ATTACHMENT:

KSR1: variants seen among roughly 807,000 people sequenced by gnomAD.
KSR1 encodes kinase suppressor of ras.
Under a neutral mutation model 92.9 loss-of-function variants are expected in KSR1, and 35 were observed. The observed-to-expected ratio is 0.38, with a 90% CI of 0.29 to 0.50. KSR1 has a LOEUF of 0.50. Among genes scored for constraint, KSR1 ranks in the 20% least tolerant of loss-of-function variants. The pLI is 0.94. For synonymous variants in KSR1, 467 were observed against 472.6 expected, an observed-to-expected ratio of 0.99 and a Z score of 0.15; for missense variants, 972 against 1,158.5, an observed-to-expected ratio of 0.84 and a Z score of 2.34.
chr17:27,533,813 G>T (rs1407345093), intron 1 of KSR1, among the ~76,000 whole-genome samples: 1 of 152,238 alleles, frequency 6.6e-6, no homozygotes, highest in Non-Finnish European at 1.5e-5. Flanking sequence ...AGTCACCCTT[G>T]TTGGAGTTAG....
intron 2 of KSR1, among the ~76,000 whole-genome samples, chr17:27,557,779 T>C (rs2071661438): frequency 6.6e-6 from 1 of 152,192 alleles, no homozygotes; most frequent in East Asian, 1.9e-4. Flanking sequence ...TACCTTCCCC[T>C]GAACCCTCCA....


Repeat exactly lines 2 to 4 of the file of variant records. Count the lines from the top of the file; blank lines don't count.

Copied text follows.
KSR1 encodes kinase suppressor of ras.
Under a neutral mutation model 92.9 loss-of-function variants are expected in KSR1, and 35 were observed. The observed-to-expected ratio is 0.38, with a 90% CI of 0.29 to 0.50. KSR1 has a LOEUF of 0.50. Among genes scored for constraint, KSR1 ranks in the 20% least tolerant of loss-of-function variants. The pLI is 0.94. For synonymous variants in KSR1, 467 were observed against 472.6 expected, an observed-to-expected ratio of 0.99 and a Z score of 0.15; for missense variants, 972 against 1,158.5, an observed-to-expected ratio of 0.84 and a Z score of 2.34.
chr17:27,533,813 G>T (rs1407345093), intron 1 of KSR1, among the ~76,000 whole-genome samples: 1 of 152,238 alleles, frequency 6.6e-6, no homozygotes, highest in Non-Finnish European at 1.5e-5. Flanking sequence ...AGTCACCCTT[G>T]TTGGAGTTAG....